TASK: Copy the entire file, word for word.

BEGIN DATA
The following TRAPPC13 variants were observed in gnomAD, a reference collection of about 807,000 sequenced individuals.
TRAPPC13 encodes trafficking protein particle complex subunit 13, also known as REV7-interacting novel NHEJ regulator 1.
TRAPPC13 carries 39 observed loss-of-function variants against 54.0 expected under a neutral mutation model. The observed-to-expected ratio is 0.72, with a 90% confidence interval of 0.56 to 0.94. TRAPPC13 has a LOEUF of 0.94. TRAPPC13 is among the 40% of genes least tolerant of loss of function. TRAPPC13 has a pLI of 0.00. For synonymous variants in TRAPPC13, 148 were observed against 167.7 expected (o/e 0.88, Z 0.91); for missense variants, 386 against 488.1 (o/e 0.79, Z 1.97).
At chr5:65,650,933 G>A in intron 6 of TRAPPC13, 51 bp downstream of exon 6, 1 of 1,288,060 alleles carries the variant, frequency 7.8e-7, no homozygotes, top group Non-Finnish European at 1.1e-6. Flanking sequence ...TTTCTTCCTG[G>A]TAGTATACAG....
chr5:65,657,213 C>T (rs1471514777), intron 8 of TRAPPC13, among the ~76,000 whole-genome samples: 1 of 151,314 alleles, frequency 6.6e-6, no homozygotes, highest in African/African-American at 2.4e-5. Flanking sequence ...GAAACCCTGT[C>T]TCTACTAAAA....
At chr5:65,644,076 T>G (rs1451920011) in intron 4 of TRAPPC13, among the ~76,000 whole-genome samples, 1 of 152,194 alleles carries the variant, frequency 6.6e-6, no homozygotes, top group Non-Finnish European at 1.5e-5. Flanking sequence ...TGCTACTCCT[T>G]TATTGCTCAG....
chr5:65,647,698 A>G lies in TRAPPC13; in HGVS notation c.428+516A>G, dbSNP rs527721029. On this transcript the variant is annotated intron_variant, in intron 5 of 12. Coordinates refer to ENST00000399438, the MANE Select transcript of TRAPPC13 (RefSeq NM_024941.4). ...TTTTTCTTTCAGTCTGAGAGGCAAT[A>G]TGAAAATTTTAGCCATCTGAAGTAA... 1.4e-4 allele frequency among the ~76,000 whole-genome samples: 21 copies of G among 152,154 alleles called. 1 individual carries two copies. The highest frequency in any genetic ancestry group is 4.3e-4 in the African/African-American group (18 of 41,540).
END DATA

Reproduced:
The following TRAPPC13 variants were observed in gnomAD, a reference collection of about 807,000 sequenced individuals.
TRAPPC13 encodes trafficking protein particle complex subunit 13, also known as REV7-interacting novel NHEJ regulator 1.
TRAPPC13 carries 39 observed loss-of-function variants against 54.0 expected under a neutral mutation model. The observed-to-expected ratio is 0.72, with a 90% confidence interval of 0.56 to 0.94. TRAPPC13 has a LOEUF of 0.94. TRAPPC13 is among the 40% of genes least tolerant of loss of function. TRAPPC13 has a pLI of 0.00. For synonymous variants in TRAPPC13, 148 were observed against 167.7 expected (o/e 0.88, Z 0.91); for missense variants, 386 against 488.1 (o/e 0.79, Z 1.97).
At chr5:65,650,933 G>A in intron 6 of TRAPPC13, 51 bp downstream of exon 6, 1 of 1,288,060 alleles carries the variant, frequency 7.8e-7, no homozygotes, top group Non-Finnish European at 1.1e-6. Flanking sequence ...TTTCTTCCTG[G>A]TAGTATACAG....
chr5:65,657,213 C>T (rs1471514777), intron 8 of TRAPPC13, among the ~76,000 whole-genome samples: 1 of 151,314 alleles, frequency 6.6e-6, no homozygotes, highest in African/African-American at 2.4e-5. Flanking sequence ...GAAACCCTGT[C>T]TCTACTAAAA....
At chr5:65,644,076 T>G (rs1451920011) in intron 4 of TRAPPC13, among the ~76,000 whole-genome samples, 1 of 152,194 alleles carries the variant, frequency 6.6e-6, no homozygotes, top group Non-Finnish European at 1.5e-5. Flanking sequence ...TGCTACTCCT[T>G]TATTGCTCAG....
chr5:65,647,698 A>G lies in TRAPPC13; in HGVS notation c.428+516A>G, dbSNP rs527721029. On this transcript the variant is annotated intron_variant, in intron 5 of 12. Coordinates refer to ENST00000399438, the MANE Select transcript of TRAPPC13 (RefSeq NM_024941.4). ...TTTTTCTTTCAGTCTGAGAGGCAAT[A>G]TGAAAATTTTAGCCATCTGAAGTAA... 1.4e-4 allele frequency among the ~76,000 whole-genome samples: 21 copies of G among 152,154 alleles called. 1 individual carries two copies. The highest frequency in any genetic ancestry group is 4.3e-4 in the African/African-American group (18 of 41,540).